Summary: The Kingdom of God is a kingdom of sacrifice. Fasting is a tool that helps us see and understand the brokenness of this world. But more it helps us to move to action and become repairer and restorers.
Good morning! Over the last couple of weeks we have been looking at Jesus’ teaching about giving and prayer. These are two of the three righteous actions Jesus tells His followers to observe as they live their lives.
Today we are going to talk about the third righteous actions – fasting. We find Jesus teaching about fasting in Matthew 6:16-18
Let’s read this passage – if you do not have a Bible you can find the Scriptures printed on the insert inside your bulletin.
How many of you have ever been asked by the doctor to fast prior to having tests or some other medical procedure done?
Did you find that when you were told not to eat that suddenly your body began craving food? Suddenly you began thinking about food like never before!
Recently, I began Weight Watchers. I am trying to monitor my intake of food and be mindful of my portion sizes. As I have committed myself to losing weight and getting healthy it seems there are foods that I just cannot get out of my mind.
My wife, who has lost more than 70lbs. in the last 18 months, tells me that I will eventually think differently. But for now it is a struggle to think of food in a different light than in the past.
When I was in Bible school I had a classmate who was addicted to fasting. As a matter of fact he fasted so much that he caused some imbalances in his brain. One day he disappeared from St. Louis and was eventually found in Atlanta, GA.
I have another friend who believed that fasting was the only way to bring revival. He and his wife fasted so much that she died of malnutrition. I am not talking about people with no access to food – but those who had believed that somehow their act of fasting was a way to force God into sending revival.
(TRANSITION) Fasting is certainly something we should engage in as believers. But what is it and why do we do it?
Jesus assumes that fasting would be part of the normal Christian life. Like prayer and like giving, the act of fasting helps to promote an attitude of dependence on God.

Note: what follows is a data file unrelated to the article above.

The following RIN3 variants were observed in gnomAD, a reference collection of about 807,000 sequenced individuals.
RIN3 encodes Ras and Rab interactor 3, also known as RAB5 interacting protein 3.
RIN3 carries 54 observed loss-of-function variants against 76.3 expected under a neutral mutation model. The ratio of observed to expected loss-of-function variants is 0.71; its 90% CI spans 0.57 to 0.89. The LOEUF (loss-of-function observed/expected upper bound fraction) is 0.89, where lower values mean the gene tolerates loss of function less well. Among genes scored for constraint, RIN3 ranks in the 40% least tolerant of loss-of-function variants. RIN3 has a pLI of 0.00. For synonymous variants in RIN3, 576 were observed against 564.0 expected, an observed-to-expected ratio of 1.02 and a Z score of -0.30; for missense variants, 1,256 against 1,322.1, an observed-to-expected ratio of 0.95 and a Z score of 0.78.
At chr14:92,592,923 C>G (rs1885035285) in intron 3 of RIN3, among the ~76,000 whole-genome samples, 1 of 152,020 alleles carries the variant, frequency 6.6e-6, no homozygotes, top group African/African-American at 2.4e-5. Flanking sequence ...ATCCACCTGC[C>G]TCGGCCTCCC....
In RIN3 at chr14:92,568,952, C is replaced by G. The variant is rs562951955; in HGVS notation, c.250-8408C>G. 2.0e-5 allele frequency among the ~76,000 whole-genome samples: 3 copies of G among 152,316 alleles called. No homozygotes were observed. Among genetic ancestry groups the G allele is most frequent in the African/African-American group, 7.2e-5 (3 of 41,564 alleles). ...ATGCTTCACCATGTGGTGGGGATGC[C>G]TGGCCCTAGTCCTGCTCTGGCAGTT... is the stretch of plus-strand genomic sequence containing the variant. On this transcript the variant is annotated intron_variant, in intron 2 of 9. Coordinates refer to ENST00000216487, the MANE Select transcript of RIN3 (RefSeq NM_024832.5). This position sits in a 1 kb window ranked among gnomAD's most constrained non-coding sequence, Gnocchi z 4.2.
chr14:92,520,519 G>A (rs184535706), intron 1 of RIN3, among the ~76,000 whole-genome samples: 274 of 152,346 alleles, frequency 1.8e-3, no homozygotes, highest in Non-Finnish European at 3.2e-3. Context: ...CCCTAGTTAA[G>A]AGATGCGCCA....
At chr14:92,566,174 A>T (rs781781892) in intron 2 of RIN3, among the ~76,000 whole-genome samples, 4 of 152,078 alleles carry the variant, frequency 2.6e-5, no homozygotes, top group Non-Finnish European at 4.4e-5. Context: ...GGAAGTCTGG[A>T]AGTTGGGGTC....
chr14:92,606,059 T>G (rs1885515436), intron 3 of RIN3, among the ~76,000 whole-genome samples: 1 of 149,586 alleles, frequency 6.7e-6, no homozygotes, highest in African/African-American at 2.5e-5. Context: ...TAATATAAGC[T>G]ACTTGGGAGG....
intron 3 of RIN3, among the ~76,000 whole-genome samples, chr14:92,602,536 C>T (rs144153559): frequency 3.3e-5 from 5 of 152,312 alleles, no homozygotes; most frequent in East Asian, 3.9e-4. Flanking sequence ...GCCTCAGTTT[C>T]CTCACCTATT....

Fasting, to put it quite simply, is setting aside a space of time where we abstain from food and drink. Obviously, we cannot do this for days on end but we can push the plate back every now and then. We could take the time we would have spent eating and use it for prayer or devotional reading.
Fasting is not complicated and it is NOT MAGICAL! It is not a formula whereby you go on a hunger strike to get God’s favor.
Almost every religion requires some form of fasting from its adherents. Buddhists fast and so do Muslims. I remember trying to go to the shops in South Africa during Ramadan – the Muslim time of fasting. Some of the shopkeepers were looking pretty worn out.
Even in the Greek and Roman religions of Jesus’ day fasting was a part of their duty to the gods. To the Greek or Roman fasting was not about gaining some high spiritual place. Fasting was about ensuring the proper relationship between you and the spirits and the gods.
When Paul talks to the Corinthian believers about whether or not to eat meat offered to idols we get a glimpse into what the Romans/Greeks thought. In their minds one could ingest evil spirits through food. They especially believed that food was eaten near someone who had just died (often would fast until the person was buried).
But the Romans and Greeks also believed that fasting could provide a way for someone to gain stronger magical powers. Through fasting they could receive dreams, oracles from the gods, or the ability to cast stronger spells. It was a way for them to have greater PERSONAL POWER.
Though other religions practice fasting it does not mean that we, as Christians, have the same motivation for fasting as they might.
The OT speaks often of people fasting. Moses fasted 40 days prior to receiving the 10 Commandments (cf. Ex 34:28). Daniel fasted prior to receiving visions (cf. Da 9:3; 10:2f., 12).
Esther called for a season of fasting before entering into the king on behalf of her people.
The OT idea of fasting speaks to a “humbling of the soul.” To fast was to humble oneself before God in total dependence on Him for strength and life. But what was the motivation behind the fasting?
When we look at the fasts of Daniel, Moses and Esther we see the motive rests on how their humble action COULD BENEFIT OTHERS. It was NOT ABOUT REVELATION – THAT WAS A BY-PRODUCT OF COMING HUMBLY BEFORE GOD. IT WAS NOT ABOUT POWER – IT WAS ABOUT SERVING A NATION THAT NEEDED GOD’S PROTECTION.